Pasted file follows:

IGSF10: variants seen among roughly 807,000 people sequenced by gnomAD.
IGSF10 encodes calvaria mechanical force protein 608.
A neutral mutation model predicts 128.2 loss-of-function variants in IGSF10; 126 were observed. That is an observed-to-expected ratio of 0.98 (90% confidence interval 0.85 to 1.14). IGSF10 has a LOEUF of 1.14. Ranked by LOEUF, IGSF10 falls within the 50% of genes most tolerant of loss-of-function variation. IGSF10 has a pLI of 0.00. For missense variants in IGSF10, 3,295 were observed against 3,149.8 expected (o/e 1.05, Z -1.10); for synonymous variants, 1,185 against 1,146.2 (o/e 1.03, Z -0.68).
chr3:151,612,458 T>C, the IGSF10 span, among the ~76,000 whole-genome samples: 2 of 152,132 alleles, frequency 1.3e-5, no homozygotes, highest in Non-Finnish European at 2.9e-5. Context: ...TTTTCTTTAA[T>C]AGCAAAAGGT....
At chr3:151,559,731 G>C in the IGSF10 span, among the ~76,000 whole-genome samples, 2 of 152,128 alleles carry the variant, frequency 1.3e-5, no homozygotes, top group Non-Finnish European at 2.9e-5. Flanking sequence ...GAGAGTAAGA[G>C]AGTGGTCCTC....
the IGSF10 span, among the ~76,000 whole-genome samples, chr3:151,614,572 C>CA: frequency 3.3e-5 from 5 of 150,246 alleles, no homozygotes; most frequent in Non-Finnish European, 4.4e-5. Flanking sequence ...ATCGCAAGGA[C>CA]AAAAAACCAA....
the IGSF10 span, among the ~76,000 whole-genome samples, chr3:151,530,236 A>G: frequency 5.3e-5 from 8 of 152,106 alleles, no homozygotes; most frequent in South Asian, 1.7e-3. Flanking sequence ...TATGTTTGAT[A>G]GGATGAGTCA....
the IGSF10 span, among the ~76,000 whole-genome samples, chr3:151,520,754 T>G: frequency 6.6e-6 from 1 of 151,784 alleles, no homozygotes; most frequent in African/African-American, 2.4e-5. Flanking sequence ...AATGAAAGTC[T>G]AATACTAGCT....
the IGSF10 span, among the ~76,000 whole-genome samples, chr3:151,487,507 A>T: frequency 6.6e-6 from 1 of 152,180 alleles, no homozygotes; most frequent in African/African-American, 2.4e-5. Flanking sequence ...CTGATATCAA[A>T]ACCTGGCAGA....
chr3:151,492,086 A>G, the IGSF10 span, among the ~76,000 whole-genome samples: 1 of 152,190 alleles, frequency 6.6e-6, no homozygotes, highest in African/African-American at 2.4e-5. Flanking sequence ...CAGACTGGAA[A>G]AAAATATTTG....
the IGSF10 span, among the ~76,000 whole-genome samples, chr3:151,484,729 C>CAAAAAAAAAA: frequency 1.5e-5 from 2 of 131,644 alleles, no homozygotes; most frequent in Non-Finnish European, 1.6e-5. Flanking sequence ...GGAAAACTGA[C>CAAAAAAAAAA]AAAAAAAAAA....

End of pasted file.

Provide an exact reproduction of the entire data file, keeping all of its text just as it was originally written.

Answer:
IGSF10: variants seen among roughly 807,000 people sequenced by gnomAD.
IGSF10 encodes calvaria mechanical force protein 608.
A neutral mutation model predicts 128.2 loss-of-function variants in IGSF10; 126 were observed. That is an observed-to-expected ratio of 0.98 (90% confidence interval 0.85 to 1.14). IGSF10 has a LOEUF of 1.14. Ranked by LOEUF, IGSF10 falls within the 50% of genes most tolerant of loss-of-function variation. IGSF10 has a pLI of 0.00. For missense variants in IGSF10, 3,295 were observed against 3,149.8 expected (o/e 1.05, Z -1.10); for synonymous variants, 1,185 against 1,146.2 (o/e 1.03, Z -0.68).
chr3:151,612,458 T>C, the IGSF10 span, among the ~76,000 whole-genome samples: 2 of 152,132 alleles, frequency 1.3e-5, no homozygotes, highest in Non-Finnish European at 2.9e-5. Context: ...TTTTCTTTAA[T>C]AGCAAAAGGT....
At chr3:151,559,731 G>C in the IGSF10 span, among the ~76,000 whole-genome samples, 2 of 152,128 alleles carry the variant, frequency 1.3e-5, no homozygotes, top group Non-Finnish European at 2.9e-5. Flanking sequence ...GAGAGTAAGA[G>C]AGTGGTCCTC....
the IGSF10 span, among the ~76,000 whole-genome samples, chr3:151,614,572 C>CA: frequency 3.3e-5 from 5 of 150,246 alleles, no homozygotes; most frequent in Non-Finnish European, 4.4e-5. Flanking sequence ...ATCGCAAGGA[C>CA]AAAAAACCAA....
the IGSF10 span, among the ~76,000 whole-genome samples, chr3:151,530,236 A>G: frequency 5.3e-5 from 8 of 152,106 alleles, no homozygotes; most frequent in South Asian, 1.7e-3. Flanking sequence ...TATGTTTGAT[A>G]GGATGAGTCA....
the IGSF10 span, among the ~76,000 whole-genome samples, chr3:151,520,754 T>G: frequency 6.6e-6 from 1 of 151,784 alleles, no homozygotes; most frequent in African/African-American, 2.4e-5. Flanking sequence ...AATGAAAGTC[T>G]AATACTAGCT....
the IGSF10 span, among the ~76,000 whole-genome samples, chr3:151,487,507 A>T: frequency 6.6e-6 from 1 of 152,180 alleles, no homozygotes; most frequent in African/African-American, 2.4e-5. Flanking sequence ...CTGATATCAA[A>T]ACCTGGCAGA....
chr3:151,492,086 A>G, the IGSF10 span, among the ~76,000 whole-genome samples: 1 of 152,190 alleles, frequency 6.6e-6, no homozygotes, highest in African/African-American at 2.4e-5. Flanking sequence ...CAGACTGGAA[A>G]AAAATATTTG....
the IGSF10 span, among the ~76,000 whole-genome samples, chr3:151,484,729 C>CAAAAAAAAAA: frequency 1.5e-5 from 2 of 131,644 alleles, no homozygotes; most frequent in Non-Finnish European, 1.6e-5. Flanking sequence ...GGAAAACTGA[C>CAAAAAAAAAA]AAAAAAAAAA....